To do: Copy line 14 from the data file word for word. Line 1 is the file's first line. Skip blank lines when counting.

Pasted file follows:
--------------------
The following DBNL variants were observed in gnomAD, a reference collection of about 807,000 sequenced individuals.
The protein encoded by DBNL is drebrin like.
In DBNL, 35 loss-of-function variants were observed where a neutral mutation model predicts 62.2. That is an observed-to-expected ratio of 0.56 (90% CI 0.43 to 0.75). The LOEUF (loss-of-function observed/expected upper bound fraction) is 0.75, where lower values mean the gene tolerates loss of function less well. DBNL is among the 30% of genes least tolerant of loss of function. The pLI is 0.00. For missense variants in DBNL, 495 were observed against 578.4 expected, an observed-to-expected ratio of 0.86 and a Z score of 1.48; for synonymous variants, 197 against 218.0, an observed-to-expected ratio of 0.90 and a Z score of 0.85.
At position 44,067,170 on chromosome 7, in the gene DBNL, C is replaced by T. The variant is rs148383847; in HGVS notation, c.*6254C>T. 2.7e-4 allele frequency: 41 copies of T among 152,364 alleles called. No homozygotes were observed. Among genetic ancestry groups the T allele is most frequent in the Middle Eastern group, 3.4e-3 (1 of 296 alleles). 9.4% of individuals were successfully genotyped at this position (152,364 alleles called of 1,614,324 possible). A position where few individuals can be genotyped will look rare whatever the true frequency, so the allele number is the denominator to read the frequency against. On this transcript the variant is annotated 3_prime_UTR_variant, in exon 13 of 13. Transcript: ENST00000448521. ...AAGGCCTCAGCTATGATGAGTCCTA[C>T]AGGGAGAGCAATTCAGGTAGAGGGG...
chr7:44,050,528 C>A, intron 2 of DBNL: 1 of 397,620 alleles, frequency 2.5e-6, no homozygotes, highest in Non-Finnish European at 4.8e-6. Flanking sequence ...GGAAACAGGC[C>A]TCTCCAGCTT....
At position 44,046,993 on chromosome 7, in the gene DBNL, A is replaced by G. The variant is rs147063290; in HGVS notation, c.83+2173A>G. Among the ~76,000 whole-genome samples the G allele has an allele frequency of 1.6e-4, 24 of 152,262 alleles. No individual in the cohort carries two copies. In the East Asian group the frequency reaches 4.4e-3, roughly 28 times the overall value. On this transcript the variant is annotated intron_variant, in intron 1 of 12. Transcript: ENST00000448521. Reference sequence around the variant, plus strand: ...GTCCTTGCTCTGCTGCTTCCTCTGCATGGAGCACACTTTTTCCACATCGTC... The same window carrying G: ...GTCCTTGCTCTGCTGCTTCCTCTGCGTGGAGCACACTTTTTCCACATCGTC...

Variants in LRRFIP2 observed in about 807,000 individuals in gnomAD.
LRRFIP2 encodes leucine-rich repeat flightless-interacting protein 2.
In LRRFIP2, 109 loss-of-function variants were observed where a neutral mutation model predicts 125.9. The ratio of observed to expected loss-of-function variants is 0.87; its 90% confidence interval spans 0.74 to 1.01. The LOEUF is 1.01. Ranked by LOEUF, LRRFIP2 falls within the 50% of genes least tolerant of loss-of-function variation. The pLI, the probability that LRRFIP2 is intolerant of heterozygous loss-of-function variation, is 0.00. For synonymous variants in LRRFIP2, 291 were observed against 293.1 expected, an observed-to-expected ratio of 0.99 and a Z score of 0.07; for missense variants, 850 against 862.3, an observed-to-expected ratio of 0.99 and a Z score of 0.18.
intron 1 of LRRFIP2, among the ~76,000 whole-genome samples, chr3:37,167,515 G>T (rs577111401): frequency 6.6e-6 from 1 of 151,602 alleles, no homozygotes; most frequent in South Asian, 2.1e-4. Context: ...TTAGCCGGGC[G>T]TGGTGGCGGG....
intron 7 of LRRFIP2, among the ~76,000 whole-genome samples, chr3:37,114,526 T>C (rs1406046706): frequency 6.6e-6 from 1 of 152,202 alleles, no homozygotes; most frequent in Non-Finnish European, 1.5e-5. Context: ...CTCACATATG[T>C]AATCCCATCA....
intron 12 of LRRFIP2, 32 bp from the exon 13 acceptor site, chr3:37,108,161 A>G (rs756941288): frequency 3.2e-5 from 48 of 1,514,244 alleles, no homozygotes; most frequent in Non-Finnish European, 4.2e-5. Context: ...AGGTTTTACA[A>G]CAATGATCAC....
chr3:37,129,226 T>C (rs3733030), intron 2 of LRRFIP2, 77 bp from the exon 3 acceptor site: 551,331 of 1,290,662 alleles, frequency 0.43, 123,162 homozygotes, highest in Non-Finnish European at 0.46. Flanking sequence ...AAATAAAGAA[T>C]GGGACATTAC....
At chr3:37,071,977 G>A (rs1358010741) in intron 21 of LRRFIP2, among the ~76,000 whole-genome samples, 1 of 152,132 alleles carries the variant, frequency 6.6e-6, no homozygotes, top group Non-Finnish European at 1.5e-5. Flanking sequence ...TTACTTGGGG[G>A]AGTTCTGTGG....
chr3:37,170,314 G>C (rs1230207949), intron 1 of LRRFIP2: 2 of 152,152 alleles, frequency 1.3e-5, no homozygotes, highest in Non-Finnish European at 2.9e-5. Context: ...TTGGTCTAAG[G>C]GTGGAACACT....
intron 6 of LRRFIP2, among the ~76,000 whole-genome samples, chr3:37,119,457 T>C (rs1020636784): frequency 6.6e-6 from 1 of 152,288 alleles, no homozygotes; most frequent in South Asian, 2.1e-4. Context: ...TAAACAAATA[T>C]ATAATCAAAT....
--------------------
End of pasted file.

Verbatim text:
At chr3:37,071,977 G>A (rs1358010741) in intron 21 of LRRFIP2, among the ~76,000 whole-genome samples, 1 of 152,132 alleles carries the variant, frequency 6.6e-6, no homozygotes, top group Non-Finnish European at 1.5e-5. Flanking sequence ...TTACTTGGGG[G>A]AGTTCTGTGG....